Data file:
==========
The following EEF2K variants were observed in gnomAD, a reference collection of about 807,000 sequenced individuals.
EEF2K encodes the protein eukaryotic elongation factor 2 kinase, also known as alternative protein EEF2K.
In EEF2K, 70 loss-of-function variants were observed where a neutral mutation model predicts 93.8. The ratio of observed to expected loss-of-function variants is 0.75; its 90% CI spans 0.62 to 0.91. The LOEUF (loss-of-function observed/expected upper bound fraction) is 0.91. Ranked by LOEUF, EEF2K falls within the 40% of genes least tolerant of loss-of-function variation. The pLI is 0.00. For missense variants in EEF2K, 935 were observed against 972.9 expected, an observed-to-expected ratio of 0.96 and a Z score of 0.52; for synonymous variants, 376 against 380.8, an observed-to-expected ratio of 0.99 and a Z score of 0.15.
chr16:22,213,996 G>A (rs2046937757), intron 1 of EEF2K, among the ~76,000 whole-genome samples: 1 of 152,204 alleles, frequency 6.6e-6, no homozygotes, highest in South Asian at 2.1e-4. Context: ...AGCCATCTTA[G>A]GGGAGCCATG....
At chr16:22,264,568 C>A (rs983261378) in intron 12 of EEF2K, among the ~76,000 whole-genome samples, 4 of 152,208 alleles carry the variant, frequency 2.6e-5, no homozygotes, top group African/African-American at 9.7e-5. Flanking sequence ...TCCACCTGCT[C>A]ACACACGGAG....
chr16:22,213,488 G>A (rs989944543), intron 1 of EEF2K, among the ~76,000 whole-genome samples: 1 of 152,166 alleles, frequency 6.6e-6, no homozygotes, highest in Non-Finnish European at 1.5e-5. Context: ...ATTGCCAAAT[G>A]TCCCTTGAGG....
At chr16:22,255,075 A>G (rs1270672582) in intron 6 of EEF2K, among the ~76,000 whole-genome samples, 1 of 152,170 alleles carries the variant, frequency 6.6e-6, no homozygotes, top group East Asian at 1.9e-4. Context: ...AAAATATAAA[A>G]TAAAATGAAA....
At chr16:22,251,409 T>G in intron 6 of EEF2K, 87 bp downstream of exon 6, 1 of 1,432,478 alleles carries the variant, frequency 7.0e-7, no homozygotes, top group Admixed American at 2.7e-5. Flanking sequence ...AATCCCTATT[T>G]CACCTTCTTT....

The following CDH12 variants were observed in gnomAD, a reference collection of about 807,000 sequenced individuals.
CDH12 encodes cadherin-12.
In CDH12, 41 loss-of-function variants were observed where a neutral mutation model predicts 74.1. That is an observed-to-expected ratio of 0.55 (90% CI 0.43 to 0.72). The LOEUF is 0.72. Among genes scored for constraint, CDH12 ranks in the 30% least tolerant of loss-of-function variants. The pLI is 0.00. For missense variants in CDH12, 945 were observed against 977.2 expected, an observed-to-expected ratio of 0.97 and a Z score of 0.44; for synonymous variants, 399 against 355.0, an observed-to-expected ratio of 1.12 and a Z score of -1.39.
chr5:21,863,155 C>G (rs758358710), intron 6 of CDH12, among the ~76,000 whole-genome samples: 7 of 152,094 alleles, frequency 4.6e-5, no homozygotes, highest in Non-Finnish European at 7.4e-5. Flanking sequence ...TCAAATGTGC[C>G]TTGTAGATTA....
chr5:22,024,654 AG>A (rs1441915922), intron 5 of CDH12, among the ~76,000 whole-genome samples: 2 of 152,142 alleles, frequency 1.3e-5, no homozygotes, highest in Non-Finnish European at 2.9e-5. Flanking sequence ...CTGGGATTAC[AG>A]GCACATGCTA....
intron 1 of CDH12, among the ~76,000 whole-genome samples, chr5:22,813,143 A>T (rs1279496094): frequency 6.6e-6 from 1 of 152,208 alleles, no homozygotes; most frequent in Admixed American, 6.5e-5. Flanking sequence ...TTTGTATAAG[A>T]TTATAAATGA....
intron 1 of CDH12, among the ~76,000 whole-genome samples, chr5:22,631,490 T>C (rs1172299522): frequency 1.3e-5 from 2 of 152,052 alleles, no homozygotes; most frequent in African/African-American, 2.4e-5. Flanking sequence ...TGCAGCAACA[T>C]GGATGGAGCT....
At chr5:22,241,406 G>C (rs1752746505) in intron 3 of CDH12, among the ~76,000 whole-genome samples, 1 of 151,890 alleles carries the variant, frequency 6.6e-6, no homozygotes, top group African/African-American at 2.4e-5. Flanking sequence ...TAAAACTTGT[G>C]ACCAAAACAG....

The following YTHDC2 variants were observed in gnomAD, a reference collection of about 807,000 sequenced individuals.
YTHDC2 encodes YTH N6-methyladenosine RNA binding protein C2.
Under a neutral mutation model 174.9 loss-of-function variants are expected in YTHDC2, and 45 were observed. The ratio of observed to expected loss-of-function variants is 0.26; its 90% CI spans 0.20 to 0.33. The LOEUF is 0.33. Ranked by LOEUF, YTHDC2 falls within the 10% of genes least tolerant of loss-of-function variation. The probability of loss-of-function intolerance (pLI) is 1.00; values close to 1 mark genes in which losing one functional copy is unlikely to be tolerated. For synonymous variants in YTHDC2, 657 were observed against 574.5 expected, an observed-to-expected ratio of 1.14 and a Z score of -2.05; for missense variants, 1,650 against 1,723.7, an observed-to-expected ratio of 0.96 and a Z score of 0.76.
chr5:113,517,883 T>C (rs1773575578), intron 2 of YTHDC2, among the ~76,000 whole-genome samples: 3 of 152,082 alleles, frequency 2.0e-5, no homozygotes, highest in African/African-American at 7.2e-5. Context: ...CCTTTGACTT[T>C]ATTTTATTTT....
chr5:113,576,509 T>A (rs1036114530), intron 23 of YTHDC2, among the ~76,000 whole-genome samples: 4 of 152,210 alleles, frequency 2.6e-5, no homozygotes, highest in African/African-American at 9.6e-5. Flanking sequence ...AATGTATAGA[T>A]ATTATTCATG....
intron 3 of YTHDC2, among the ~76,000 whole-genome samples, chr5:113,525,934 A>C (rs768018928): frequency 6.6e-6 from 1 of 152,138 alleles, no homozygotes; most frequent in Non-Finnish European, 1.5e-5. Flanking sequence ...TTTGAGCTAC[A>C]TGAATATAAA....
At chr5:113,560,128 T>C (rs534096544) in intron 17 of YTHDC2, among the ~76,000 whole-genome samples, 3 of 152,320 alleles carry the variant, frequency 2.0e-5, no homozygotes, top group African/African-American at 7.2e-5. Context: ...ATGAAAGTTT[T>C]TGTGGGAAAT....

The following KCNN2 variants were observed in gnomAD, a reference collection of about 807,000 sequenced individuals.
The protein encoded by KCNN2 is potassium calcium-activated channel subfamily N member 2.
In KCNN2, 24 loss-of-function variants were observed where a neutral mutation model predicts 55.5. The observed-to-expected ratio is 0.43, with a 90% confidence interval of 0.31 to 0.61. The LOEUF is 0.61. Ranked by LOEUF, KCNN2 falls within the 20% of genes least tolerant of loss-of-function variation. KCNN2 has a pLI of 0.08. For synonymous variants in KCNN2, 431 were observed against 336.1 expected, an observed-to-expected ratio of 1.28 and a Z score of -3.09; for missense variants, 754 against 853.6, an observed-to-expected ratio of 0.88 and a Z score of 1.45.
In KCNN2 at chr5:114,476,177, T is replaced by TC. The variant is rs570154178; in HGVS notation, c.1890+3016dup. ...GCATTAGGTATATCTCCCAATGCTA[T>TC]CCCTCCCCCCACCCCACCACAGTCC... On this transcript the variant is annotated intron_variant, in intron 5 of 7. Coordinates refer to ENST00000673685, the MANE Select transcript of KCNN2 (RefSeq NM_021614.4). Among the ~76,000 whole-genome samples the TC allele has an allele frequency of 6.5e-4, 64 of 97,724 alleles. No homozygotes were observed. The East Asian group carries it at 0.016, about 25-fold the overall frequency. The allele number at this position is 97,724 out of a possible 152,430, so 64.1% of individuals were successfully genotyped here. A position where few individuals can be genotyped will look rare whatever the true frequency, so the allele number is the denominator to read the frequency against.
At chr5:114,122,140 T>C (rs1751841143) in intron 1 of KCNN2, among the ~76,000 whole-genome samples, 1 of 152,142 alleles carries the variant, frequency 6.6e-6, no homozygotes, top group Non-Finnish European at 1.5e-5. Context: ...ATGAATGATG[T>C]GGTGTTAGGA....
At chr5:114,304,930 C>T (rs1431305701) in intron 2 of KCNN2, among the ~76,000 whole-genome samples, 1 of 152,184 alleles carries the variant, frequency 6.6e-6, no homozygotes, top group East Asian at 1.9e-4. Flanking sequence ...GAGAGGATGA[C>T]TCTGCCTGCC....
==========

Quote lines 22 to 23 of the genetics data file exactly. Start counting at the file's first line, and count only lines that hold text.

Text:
intron 3 of YTHDC2, among the ~76,000 whole-genome samples, chr5:113,525,934 A>C (rs768018928): frequency 6.6e-6 from 1 of 152,138 alleles, no homozygotes; most frequent in Non-Finnish European, 1.5e-5. Flanking sequence ...TTTGAGCTAC[A>C]TGAATATAAA....
At chr5:113,560,128 T>C (rs534096544) in intron 17 of YTHDC2, among the ~76,000 whole-genome samples, 3 of 152,320 alleles carry the variant, frequency 2.0e-5, no homozygotes, top group African/African-American at 7.2e-5. Context: ...ATGAAAGTTT[T>C]TGTGGGAAAT....